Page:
A mosquito writes to Aristotle and explains that what she does is not her fault because all she wants is sustenance to go about her work.
Cow or no cow, our species is going to be around for many yugas of many aeons, that's for sure!
I am really a cute mosquito and I don't understand why I am an unpopular and unwelcome guy. It is petty and spiteful to vilify someone just for a drop of blood. Blood donation, if you please. Keep your pound of flesh; all I want is a drop of blood. I wonder if that tiny imperceptible prick gives us a bad reputation.
Mosquitoes and other blood-suckers are not bad creatures. Like queen larvae of the bee family, everyone has his own preferred diet. Male mosquitoes feed only on plant juices. That is really not my cup of tea. I, as a breeding female mosquito, need more than sugar. I need blood, as do leeches, fleas, ticks, bed bugs, lice and other vampire creatures of the world.
Quite unfair for some bats to be stuck with such a name!
According to European folklore, vampires were evil spirits of dead people that rose from graves every night to feed on the living. Movies show vampires as ghoulish creatures with long canine teeth, which actually is quite absurd. None of the bloodsucking creatures has sharp canines or is evil. Vampire bats are nocturnal mammals that land on some dozing animals, bite them and lap up the blood gushing out. No harm done to the animals; perhaps a little discomfort, eh? Though the same cannot be said of the chupacabra.
Chupacabra means “goat-sucker' in Spanish. It is a mysterious creature that attacks livestock at night in many countries of South America and Mexico. Is it real? A few people have seen it; yet no one is certain what it looks like. Some say it is lizard-like, spiny, three feet tall and hops like a kangaroo. Some others say it is hairless and dog-like. Does it exist? Who knows? The only thing for sure is dead animals with puncture wounds.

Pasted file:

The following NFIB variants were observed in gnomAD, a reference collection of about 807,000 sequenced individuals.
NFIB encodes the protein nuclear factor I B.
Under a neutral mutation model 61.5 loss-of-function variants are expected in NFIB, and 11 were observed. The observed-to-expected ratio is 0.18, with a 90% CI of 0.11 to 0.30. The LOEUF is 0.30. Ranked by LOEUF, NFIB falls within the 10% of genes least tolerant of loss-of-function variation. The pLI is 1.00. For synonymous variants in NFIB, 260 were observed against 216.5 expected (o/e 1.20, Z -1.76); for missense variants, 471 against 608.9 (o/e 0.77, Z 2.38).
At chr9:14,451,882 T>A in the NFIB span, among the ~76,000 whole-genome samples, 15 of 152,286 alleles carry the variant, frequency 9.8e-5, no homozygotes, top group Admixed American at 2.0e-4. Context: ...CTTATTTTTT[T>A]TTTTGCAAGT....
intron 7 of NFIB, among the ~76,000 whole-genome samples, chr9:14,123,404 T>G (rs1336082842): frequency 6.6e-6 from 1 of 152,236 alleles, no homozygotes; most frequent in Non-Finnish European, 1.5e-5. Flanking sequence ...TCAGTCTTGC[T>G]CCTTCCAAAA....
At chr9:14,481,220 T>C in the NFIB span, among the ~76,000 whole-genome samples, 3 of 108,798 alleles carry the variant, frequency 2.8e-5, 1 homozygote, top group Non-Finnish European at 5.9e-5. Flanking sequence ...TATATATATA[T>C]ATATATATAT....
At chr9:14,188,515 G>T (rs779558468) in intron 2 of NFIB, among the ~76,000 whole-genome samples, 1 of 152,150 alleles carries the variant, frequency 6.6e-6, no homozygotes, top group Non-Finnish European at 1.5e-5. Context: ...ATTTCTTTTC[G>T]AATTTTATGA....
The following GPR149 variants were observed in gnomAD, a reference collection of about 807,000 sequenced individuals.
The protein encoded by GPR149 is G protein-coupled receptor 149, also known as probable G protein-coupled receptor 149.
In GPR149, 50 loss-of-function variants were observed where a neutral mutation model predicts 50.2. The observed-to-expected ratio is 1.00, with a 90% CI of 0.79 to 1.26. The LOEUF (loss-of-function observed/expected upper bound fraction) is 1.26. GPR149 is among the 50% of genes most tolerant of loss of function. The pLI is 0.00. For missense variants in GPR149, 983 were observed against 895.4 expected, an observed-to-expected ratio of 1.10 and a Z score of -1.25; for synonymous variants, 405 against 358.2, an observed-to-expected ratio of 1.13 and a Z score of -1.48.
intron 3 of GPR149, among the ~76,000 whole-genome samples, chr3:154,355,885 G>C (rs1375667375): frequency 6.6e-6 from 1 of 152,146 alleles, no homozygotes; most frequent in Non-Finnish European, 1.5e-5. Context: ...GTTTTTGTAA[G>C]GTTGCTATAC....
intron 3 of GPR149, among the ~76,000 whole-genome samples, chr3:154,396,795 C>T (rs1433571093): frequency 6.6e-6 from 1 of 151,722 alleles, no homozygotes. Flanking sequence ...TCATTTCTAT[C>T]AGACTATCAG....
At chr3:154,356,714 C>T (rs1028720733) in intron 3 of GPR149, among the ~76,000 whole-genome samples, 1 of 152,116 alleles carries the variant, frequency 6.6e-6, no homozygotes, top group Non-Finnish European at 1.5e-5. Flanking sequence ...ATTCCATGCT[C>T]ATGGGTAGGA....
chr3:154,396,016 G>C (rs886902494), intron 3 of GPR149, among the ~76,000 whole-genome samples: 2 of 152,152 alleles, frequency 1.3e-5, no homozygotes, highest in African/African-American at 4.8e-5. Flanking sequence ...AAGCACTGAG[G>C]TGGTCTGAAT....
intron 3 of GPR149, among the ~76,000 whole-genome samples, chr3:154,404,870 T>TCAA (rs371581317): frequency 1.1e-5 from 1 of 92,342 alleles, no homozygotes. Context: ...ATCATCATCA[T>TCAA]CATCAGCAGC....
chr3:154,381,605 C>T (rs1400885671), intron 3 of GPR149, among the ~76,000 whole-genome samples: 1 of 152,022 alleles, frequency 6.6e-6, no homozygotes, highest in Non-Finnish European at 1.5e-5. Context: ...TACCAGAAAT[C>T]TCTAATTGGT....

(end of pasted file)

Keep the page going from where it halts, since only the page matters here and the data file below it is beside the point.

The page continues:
I often wonder why everyone dreads us. Could it be that they see us as ‘killers' like the chupacabras? I cannot deny that I am in an indirect way responsible for about three million human deaths every year. When I, an Anopheles female mosquito, bite a sick person, I take a drop of his infected blood. The malaria parasite present in it remains in my body. The next person I bite gets the parasite along with my saliva which I inject into him to prevent clotting, before sucking his blood. Now that you know how the dreadful disease is spread, do you still hold me responsible for this horrific problem? If you do, you are not being fair. I do not have blood on my hands.
Mzz A Mos
Reply from Aristotle
Your defence brief doesn't hold water, Mzz Mos. I think you are going to get slapped around just as hard if not harder after this pathetic letter gets published.
Add a species of birds, Darwin's finches of the Galapogos Islands to your list of sanguivores.
Keywords: Young World Aristotle's Mailbag